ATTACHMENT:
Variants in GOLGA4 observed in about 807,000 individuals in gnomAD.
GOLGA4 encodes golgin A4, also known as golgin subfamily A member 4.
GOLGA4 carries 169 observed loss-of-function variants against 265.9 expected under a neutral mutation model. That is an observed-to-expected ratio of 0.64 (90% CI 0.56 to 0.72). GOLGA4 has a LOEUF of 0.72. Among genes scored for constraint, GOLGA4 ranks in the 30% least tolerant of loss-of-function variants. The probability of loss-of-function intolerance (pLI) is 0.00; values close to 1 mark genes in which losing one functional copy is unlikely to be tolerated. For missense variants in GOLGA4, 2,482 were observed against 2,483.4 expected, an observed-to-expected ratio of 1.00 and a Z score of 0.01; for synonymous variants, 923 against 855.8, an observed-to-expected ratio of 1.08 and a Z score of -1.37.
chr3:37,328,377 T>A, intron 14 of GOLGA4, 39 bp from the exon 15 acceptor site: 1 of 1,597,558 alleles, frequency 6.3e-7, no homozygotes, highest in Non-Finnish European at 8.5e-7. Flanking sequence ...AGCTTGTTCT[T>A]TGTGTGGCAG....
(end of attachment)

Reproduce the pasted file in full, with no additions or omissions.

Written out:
Variants in GOLGA4 observed in about 807,000 individuals in gnomAD.
GOLGA4 encodes golgin A4, also known as golgin subfamily A member 4.
GOLGA4 carries 169 observed loss-of-function variants against 265.9 expected under a neutral mutation model. That is an observed-to-expected ratio of 0.64 (90% CI 0.56 to 0.72). GOLGA4 has a LOEUF of 0.72. Among genes scored for constraint, GOLGA4 ranks in the 30% least tolerant of loss-of-function variants. The probability of loss-of-function intolerance (pLI) is 0.00; values close to 1 mark genes in which losing one functional copy is unlikely to be tolerated. For missense variants in GOLGA4, 2,482 were observed against 2,483.4 expected, an observed-to-expected ratio of 1.00 and a Z score of 0.01; for synonymous variants, 923 against 855.8, an observed-to-expected ratio of 1.08 and a Z score of -1.37.
chr3:37,328,377 T>A, intron 14 of GOLGA4, 39 bp from the exon 15 acceptor site: 1 of 1,597,558 alleles, frequency 6.3e-7, no homozygotes, highest in Non-Finnish European at 8.5e-7. Flanking sequence ...AGCTTGTTCT[T>A]TGTGTGGCAG....